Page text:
Hospital Director & Certified Veterinary Technician
Meet Megan, our Hospital Director and a Certified Veterinary Technician (CVT). Megan has worked at Frontier since August 2004. You can contact her at email@example.com
Hi Megan! So, do you go by Megan or do you have any nicknames?
I go by Megs or Mego. Really special people call me Maizey- mostly that means my mom!
In your words, what is your job at Frontier?
As Practice Manager, it’s my job to ensure that Frontier Veterinary Hospital runs as smoothly and consistently as possible. I assist the Frontier Team Members by facilitating the best possible client and patient care which ultimately leads to employee satisfaction that trickles down to healthy and happy pets. This includes hiring and training the most qualified staff, researching medications and medical equipment to find the best and safest products, and working with the client and patient services teams to create protocols. From my time working as a CVT, I have a great deal of hands-on experience working with our patients. Using this experience, I work with the doctors to create the medical standards for our hospital-everything from nail trims to complicated surgeries. Also having experience as a CSR, I work with the Client Services Team to advance our customer services practices. The two things I enjoy most in life are pets and people and I am truly fortunate to be able to combine them in my professional pursuits. With each opportunity and challenge, I am presented with in my job at Frontier, I am able to have the chance to somehow advance the human-animal bond. I can’t imagine a more fulfilling occupation.
You’ve worked in the veterinary field for a long time, why did you decide to work at Frontier?
It’s true, I have worked at veterinary hospitals and clinics since I was in college. Naturally, I was impressed with the facilities- every veterinary professional wants to work in a hospital like this! But I think the thing that really set Frontier apart was the kindness the staff showed me right from my first interview.
Do you have any pets?
I have several pets- three cats, a dog, and three fish. My oldest cat, Lanie, is the matriarch of my pet family, she is a 16-year-old domestic medium hair kitty. Though I did come up with a more exotic breed name for her- the Rogue Valley Halftail. She was found as a part-feral kitten in a Rogue Valley dumpster, and her early exploits cost her half of her tail, but she doesn’t seem to mind. My other two kitties, Trixie and Miss Hiss, are Bengals my family fostered and later adopted last summer. Trixie came into Frontier as an emaciated and pregnant stray. We took her home and after she had the kittens, we decided to keep her as well as her daughter, Miss Hiss. My dog is Dusty, a 10-year-old Maltese Mix who is truly like a living, breathing stuffed animal. She is so sweet and cuddly, and perhaps the laziest dog on the planet! I also have fancy goldfish at home and at work. For whatever reason, I have a special touch with goldfish. My last one lived 10 years and grew to the size of a large apple.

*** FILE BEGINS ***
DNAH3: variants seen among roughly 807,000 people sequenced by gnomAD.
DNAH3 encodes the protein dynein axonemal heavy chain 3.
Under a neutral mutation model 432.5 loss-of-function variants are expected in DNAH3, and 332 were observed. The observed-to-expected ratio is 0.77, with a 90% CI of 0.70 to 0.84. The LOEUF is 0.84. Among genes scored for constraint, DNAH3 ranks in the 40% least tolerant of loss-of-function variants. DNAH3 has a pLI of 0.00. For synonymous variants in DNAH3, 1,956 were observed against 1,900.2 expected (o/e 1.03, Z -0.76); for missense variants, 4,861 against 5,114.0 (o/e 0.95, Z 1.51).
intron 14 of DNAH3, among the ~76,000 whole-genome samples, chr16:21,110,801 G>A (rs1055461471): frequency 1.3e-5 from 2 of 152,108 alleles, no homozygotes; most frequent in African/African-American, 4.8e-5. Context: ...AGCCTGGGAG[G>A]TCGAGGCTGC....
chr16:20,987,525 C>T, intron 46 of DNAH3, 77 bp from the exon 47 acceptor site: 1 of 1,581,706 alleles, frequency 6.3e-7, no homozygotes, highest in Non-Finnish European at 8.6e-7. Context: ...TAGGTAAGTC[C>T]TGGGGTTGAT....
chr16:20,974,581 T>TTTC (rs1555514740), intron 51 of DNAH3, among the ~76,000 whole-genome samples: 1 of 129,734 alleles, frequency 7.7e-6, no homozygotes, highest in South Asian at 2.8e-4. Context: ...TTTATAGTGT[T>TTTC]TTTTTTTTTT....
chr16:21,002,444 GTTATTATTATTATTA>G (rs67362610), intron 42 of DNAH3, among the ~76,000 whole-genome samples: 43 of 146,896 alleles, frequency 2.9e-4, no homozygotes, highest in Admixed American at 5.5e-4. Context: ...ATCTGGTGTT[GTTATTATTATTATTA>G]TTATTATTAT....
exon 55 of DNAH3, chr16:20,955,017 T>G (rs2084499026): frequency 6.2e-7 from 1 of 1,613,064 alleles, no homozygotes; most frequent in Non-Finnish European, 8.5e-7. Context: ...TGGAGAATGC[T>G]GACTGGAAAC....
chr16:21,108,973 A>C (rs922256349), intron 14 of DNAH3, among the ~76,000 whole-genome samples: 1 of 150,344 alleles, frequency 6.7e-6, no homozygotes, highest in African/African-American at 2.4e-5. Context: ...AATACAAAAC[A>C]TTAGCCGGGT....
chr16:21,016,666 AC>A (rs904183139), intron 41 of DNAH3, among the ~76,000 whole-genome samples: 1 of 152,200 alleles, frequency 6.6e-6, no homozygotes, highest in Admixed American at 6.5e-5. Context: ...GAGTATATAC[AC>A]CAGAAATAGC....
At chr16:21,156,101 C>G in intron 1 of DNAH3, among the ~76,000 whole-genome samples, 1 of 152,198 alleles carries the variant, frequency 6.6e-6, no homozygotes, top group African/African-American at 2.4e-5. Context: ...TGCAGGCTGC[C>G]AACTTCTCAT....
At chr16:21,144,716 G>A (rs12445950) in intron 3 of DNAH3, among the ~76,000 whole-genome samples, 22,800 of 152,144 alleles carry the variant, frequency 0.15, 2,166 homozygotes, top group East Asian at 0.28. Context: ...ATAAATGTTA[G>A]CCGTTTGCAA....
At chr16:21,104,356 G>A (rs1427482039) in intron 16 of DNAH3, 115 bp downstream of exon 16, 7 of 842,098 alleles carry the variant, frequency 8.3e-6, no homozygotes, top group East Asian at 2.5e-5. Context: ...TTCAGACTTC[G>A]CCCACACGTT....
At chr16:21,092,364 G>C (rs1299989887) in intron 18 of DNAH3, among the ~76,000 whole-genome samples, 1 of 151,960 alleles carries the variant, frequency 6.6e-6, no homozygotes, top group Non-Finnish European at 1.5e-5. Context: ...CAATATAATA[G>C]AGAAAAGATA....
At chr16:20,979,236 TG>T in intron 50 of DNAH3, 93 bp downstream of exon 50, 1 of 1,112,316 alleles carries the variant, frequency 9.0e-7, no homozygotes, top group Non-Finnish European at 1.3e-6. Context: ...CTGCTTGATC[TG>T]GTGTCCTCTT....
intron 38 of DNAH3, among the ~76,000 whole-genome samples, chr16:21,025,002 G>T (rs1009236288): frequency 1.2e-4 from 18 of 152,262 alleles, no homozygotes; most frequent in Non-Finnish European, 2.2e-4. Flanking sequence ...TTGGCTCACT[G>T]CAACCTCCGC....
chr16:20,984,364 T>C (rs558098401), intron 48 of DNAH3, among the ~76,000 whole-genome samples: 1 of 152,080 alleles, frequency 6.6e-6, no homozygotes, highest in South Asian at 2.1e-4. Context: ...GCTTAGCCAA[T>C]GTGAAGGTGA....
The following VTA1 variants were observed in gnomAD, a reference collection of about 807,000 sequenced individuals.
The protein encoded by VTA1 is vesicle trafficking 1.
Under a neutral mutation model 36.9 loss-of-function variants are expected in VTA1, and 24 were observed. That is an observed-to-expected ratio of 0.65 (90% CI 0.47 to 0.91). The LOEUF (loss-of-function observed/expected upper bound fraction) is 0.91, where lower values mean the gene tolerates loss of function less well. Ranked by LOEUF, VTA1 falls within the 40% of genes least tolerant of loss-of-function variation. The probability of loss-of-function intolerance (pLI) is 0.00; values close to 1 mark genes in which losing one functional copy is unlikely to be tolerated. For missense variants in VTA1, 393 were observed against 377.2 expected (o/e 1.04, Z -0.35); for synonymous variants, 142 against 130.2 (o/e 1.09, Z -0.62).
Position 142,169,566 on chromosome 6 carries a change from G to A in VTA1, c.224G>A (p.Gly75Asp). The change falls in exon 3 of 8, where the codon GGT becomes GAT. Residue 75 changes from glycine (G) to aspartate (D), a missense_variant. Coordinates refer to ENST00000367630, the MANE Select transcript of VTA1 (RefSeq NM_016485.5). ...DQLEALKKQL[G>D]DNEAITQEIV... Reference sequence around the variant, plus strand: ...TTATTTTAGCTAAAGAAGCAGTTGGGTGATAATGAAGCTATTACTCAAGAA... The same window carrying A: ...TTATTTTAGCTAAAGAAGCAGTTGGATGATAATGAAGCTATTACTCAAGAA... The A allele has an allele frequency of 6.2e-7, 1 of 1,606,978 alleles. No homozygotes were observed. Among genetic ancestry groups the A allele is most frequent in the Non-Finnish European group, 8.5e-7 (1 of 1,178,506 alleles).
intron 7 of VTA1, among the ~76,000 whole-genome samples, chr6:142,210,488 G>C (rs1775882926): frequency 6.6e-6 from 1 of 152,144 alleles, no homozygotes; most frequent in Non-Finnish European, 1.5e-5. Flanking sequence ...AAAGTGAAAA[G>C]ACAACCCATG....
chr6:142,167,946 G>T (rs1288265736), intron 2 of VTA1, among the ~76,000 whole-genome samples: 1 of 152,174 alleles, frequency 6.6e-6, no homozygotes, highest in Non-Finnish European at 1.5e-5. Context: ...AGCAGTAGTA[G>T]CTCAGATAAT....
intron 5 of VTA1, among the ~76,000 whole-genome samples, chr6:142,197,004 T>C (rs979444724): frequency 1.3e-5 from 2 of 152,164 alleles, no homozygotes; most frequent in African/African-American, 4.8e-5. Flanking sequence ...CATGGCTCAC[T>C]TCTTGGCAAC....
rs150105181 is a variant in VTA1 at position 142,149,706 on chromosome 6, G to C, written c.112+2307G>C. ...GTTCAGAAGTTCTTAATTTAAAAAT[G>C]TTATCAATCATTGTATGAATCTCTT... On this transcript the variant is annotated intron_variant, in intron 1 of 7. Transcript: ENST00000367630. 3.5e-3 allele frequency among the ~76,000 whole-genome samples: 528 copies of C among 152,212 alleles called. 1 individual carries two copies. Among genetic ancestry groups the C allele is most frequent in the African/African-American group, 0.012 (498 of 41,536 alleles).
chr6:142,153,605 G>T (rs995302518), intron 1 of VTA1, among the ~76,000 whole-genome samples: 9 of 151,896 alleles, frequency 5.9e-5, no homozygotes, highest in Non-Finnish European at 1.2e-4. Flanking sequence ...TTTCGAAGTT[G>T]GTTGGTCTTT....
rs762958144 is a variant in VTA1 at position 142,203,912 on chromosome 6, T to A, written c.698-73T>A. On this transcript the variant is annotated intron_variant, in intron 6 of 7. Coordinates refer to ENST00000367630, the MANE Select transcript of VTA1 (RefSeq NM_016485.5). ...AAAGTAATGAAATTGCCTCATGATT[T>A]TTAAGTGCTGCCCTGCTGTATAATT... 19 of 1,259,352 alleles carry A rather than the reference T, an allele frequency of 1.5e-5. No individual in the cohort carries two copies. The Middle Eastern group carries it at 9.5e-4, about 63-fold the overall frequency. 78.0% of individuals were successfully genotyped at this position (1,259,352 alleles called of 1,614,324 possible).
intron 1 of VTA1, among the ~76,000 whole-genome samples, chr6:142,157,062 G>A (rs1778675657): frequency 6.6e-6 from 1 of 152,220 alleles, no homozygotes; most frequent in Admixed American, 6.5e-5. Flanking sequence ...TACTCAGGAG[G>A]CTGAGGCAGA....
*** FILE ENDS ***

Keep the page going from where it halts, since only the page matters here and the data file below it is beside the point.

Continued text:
Tell us a little-known fact about you!
I worked at the Oregon Tiger Sanctuary from 1999-2001, where I had the opportunity to work with lions, tigers, gibbons, a spider monkey, as well as a whole colony of rabbits and ferrets. All of the animals there, especially the big cats, are rescued from backgrounds in Hollywood or from abusive or neglectful homes. Believe me, wild animals do not make good pets! When I first started working there they had just rescued a female lion and had bred her with one of their male lions to create a pride. Since lions in the wild live in these familial and social groups, having a pride creates a more natural environment for both the existing lions and for introducing new rescues. After the cubs were born I had the opportunity to work with the lion cubs and assist in the ovariohysterectomy (“spay”) surgery on the mother.